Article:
Zimbabwe and Tanzania are working towards cementing their relations with top officials between the two countries penning numerous economic agreements at the 8th session of the Joint Permanent Commission on Cooperation (JPCC) which opened this Monday in Harare.

Economic diplomacy has been described as key towards the attainment of vision 2030, with the plan to tie economic deals being high on the agenda.

A three day Joint Permanent Commission on Cooperation started with recommendations being tabled in preparation for the ministerial meeting slated for Wednesday focusing on areas where Zimbabwe and Tanzania can further deepen cooperation.

The Permanent Secretary for Foreign Affairs and International Trade, Ambassador James Manzou noted that a number of memoranda of understanding (MOUs) are ready for signing during the 8th session of the JPCC.

“One of these is the MOU on economic, industry and trade cooperation whose implementation will allow us to work more closely in order to enhance economic cooperation through promoting bilateral trade between our two countries. Another is the MOU in the field of agriculture which will provide a legal framework for the already ongoing cooperation between our two countries in this field,” said Ambassador Manzou.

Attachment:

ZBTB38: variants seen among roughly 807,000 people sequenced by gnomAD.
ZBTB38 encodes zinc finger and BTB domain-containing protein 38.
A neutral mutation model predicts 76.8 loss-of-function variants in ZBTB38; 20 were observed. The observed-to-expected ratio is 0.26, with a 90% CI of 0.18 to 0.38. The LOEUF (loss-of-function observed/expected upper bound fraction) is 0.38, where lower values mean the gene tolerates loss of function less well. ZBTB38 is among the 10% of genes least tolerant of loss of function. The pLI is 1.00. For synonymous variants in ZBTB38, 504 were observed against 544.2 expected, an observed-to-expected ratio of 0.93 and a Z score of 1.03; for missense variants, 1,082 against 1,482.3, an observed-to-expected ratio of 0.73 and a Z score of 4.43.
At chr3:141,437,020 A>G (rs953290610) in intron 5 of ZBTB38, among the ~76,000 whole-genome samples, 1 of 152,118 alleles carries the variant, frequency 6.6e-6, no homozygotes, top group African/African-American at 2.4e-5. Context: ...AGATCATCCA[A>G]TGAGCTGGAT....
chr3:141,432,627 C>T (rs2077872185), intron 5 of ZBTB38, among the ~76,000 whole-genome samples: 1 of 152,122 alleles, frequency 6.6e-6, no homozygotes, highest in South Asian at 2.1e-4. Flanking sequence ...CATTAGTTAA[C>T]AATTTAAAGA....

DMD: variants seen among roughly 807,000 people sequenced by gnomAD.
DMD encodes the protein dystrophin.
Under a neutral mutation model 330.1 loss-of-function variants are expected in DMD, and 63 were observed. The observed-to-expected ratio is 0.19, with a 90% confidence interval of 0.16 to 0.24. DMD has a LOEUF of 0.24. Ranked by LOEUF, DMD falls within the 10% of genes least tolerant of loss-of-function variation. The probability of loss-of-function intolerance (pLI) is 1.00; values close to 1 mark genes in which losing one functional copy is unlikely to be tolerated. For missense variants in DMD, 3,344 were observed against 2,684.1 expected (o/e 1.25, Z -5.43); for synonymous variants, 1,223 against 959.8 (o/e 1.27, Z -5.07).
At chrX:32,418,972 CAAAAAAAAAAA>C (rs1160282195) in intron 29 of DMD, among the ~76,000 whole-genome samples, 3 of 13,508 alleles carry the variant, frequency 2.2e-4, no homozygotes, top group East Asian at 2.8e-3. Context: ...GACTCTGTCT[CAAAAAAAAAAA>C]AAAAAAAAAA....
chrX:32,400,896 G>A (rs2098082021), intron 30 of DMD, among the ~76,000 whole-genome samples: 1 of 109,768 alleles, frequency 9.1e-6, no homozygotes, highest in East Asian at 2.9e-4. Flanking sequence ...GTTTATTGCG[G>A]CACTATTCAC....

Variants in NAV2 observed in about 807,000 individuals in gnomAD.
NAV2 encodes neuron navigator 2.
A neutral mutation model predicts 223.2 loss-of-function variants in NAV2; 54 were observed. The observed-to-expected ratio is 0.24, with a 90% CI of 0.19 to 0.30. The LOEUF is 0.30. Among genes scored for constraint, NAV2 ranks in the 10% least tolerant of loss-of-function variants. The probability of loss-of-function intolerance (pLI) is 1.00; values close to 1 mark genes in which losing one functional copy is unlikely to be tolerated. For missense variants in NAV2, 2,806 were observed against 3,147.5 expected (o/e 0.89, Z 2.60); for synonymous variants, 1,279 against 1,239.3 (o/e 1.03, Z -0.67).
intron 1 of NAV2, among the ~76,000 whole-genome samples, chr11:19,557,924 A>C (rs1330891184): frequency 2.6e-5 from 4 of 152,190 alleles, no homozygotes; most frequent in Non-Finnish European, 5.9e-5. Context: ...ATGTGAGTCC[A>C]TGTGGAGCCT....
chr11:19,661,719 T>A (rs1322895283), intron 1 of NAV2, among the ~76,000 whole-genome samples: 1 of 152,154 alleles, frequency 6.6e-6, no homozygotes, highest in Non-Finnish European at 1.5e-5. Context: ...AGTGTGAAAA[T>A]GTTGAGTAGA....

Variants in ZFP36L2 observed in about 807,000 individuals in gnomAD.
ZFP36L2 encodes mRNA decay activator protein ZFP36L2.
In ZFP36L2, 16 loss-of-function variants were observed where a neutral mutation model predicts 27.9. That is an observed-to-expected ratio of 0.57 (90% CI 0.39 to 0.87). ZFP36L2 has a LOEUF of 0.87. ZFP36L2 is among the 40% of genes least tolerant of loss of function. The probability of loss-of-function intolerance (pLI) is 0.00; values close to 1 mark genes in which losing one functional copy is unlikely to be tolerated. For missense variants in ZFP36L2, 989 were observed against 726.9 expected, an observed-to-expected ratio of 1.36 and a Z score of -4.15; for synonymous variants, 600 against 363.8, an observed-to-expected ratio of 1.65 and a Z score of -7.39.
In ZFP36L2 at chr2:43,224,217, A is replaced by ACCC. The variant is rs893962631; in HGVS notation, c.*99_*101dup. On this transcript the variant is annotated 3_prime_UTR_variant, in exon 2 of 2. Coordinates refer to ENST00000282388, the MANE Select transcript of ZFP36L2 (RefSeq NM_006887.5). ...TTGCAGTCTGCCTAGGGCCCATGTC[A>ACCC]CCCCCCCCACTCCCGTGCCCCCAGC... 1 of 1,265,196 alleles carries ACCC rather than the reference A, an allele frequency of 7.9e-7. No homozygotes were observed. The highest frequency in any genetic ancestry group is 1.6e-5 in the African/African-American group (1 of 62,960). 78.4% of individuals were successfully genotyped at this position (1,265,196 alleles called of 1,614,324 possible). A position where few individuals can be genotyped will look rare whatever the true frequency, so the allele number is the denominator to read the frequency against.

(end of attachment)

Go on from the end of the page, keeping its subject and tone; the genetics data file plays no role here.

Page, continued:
The visiting Tanzanian Deputy Permanent Secretary for Foreign Affairs and East African Cooperation, Ambassador Ramadhan Mwinyi said the 7th session of the JPCC was last held in 1998, adding that this is a reactivation of the framework of cooperation between the two countries.

“Now that we have attained political independence, we need to work together towards the alleviation of poverty and economic liberation for our people. To cement on bilateral relations the two countries signed in 1982, this framework is setting the tone in the areas of industry and trade and investment, defence and security, education, agriculture, healthcare and mining,” said Ambassador Mwinyi.

The meeting comes on the backdrop of a successful visit to Zimbabwe by Tanzanian President John Magufuli in May, where together with his counterpart President Emmerson Mnangagwa, the two leaders committed to transforming the existing historical and political relations towards stronger bilateral relations.